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Parks, Recreation & Cultural Services » Social & Community Development » Accessible Kamloops

Accessibility in our Community

We want to hear from you! For a better understanding of some of the terms we've used in the survey, please scroll down and read through our resources.

Take the survey here:

Create your own user feedback survey

External link to survey here: https://www.surveymonkey.com/r/NX2XKNL

What is a barrier?
A barrier is anything that prevents people with disabilities from fully participating in and contributing to all aspects of society. Barriers come in many different forms, such as:

  • Small meeting spaces for a large group can be barriers for people who use wheelchairs, scooters, or other mobility aids.
  • Documents with confusing messages, unfamiliar language, and poor graphics can make information hard to understand and create barriers for people with intellectual disabilities.
  • Small print sizes and hard-to-read fonts can be barriers for people with low vision.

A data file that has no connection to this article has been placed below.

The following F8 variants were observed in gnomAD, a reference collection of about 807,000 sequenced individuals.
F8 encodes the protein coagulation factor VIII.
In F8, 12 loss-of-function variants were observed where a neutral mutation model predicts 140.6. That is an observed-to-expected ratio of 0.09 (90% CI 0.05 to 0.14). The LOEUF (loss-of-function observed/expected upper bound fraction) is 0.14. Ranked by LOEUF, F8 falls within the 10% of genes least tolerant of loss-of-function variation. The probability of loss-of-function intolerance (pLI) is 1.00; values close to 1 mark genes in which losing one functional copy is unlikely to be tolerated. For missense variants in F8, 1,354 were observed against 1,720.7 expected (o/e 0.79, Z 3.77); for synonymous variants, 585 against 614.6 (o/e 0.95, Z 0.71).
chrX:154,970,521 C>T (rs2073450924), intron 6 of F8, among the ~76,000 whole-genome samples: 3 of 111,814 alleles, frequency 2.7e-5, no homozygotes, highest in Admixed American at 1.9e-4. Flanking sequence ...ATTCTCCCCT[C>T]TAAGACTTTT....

• Announcements over intercoms may be barriers for people who are deaf or have hearing loss, and, in a noisy environment, can be difficult for anyone to hear clearly.
  • Attitudes can cause people to treat people with disabilities worse than they treat people who don't have disabilities.

Things you should know about disabilities
Our abilities change throughout our life and may change as we age. We may have temporary disabilities or permanent ones. It's likely that we will all experience some form of disability at some point in our life.

Disability comes in many forms. Disabilities may be:

  • Visible or hidden - It's easy to see the person who uses a wheelchair or scooter, but a disability that affects someone's hearing may be hidden.
  • Severe or mild - Complete paralysis can affect every aspect of a person's life. A minor speech impairment has a lesser impact.
  • Singular or multiple - An example of a disability with multiple effects is diabetes, which can lead to blindness, loss of sensation in peripheral extremities, or even amputation.
  • Chronic or intermittent - Someone with a learning disability tends to process information at the same level every day. A person who experiences seizures may have an episode only once every few weeks, months, or years.

This information is from: Access Ontario.

Examples of City of Kamloops accessibility initiatives

Helpful resources

Contact
ph 250-828-3582
email access@kamloops.ca

Note: All correspondence is entered into our system and will be directed accordingly. The City of Kamloops will endeavor to contact you within two business days. Thank you.